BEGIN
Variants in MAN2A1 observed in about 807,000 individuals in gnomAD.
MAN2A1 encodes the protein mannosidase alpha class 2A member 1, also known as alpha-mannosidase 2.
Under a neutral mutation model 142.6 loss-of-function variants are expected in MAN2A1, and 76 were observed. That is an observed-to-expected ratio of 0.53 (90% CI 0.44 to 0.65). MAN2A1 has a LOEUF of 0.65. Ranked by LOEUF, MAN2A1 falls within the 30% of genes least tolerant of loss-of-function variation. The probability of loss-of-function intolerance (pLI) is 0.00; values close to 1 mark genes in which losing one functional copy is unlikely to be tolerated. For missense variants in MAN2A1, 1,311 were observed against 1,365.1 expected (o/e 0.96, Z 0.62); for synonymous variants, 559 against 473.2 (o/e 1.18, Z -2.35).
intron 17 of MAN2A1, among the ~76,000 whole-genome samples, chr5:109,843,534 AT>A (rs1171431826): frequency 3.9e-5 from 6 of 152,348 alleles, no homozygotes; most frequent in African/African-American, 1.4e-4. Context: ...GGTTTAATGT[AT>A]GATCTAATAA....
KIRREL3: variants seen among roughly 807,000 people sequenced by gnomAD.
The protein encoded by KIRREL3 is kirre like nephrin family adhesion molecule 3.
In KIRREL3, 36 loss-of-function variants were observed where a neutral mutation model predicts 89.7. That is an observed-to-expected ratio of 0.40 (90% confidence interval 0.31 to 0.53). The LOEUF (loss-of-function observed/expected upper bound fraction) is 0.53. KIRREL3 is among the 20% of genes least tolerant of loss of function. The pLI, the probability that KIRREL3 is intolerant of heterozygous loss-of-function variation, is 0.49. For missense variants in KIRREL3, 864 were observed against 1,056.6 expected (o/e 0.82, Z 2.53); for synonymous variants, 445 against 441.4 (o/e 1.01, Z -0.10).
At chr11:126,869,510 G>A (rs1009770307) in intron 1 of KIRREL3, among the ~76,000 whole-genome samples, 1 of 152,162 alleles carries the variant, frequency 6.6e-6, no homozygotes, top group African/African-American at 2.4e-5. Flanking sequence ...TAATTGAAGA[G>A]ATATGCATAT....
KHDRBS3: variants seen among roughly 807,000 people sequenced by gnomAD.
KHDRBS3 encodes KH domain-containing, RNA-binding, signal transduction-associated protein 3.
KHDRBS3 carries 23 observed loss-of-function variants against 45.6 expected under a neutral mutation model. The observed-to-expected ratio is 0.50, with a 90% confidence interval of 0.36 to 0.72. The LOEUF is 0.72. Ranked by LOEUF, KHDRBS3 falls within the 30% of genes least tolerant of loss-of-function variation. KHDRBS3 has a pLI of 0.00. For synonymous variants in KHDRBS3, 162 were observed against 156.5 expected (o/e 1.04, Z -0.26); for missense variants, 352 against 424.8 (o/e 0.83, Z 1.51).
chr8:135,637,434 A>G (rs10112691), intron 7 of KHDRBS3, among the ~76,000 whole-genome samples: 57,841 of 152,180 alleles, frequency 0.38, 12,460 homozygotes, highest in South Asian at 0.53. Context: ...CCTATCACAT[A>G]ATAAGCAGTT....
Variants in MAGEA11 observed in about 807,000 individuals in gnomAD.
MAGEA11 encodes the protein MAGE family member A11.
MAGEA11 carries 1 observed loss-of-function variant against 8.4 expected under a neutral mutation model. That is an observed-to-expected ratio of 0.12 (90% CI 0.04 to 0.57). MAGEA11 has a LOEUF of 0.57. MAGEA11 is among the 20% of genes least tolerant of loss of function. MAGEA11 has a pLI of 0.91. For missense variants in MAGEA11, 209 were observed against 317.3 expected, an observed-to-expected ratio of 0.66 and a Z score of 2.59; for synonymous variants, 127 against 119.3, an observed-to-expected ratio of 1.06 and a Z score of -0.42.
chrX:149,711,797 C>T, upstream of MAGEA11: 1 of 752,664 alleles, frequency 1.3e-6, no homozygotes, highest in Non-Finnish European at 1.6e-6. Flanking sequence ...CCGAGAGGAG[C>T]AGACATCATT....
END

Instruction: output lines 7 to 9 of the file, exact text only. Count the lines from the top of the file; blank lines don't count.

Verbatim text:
In KIRREL3, 36 loss-of-function variants were observed where a neutral mutation model predicts 89.7. That is an observed-to-expected ratio of 0.40 (90% confidence interval 0.31 to 0.53). The LOEUF (loss-of-function observed/expected upper bound fraction) is 0.53. KIRREL3 is among the 20% of genes least tolerant of loss of function. The pLI, the probability that KIRREL3 is intolerant of heterozygous loss-of-function variation, is 0.49. For missense variants in KIRREL3, 864 were observed against 1,056.6 expected (o/e 0.82, Z 2.53); for synonymous variants, 445 against 441.4 (o/e 1.01, Z -0.10).
At chr11:126,869,510 G>A (rs1009770307) in intron 1 of KIRREL3, among the ~76,000 whole-genome samples, 1 of 152,162 alleles carries the variant, frequency 6.6e-6, no homozygotes, top group African/African-American at 2.4e-5. Flanking sequence ...TAATTGAAGA[G>A]ATATGCATAT....
KHDRBS3: variants seen among roughly 807,000 people sequenced by gnomAD.